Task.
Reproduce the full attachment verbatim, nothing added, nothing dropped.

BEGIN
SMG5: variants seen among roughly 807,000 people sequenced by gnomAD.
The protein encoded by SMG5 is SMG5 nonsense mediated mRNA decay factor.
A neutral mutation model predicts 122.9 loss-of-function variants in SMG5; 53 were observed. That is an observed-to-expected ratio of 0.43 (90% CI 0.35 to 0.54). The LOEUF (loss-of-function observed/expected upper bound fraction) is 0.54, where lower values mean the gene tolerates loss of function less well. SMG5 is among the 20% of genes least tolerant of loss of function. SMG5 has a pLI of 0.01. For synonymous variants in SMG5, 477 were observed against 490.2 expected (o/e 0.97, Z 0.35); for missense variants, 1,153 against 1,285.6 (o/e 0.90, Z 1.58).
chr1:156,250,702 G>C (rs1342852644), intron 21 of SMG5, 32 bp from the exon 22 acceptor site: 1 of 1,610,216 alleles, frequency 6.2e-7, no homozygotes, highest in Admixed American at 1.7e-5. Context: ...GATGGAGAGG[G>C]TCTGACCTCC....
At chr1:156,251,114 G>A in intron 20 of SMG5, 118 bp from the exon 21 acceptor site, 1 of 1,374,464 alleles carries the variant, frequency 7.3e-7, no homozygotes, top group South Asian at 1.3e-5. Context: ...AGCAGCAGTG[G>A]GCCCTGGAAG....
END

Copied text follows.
SMG5: variants seen among roughly 807,000 people sequenced by gnomAD.
The protein encoded by SMG5 is SMG5 nonsense mediated mRNA decay factor.
A neutral mutation model predicts 122.9 loss-of-function variants in SMG5; 53 were observed. That is an observed-to-expected ratio of 0.43 (90% CI 0.35 to 0.54). The LOEUF (loss-of-function observed/expected upper bound fraction) is 0.54, where lower values mean the gene tolerates loss of function less well. SMG5 is among the 20% of genes least tolerant of loss of function. SMG5 has a pLI of 0.01. For synonymous variants in SMG5, 477 were observed against 490.2 expected (o/e 0.97, Z 0.35); for missense variants, 1,153 against 1,285.6 (o/e 0.90, Z 1.58).
chr1:156,250,702 G>C (rs1342852644), intron 21 of SMG5, 32 bp from the exon 22 acceptor site: 1 of 1,610,216 alleles, frequency 6.2e-7, no homozygotes, highest in Admixed American at 1.7e-5. Context: ...GATGGAGAGG[G>C]TCTGACCTCC....
At chr1:156,251,114 G>A in intron 20 of SMG5, 118 bp from the exon 21 acceptor site, 1 of 1,374,464 alleles carries the variant, frequency 7.3e-7, no homozygotes, top group South Asian at 1.3e-5. Context: ...AGCAGCAGTG[G>A]GCCCTGGAAG....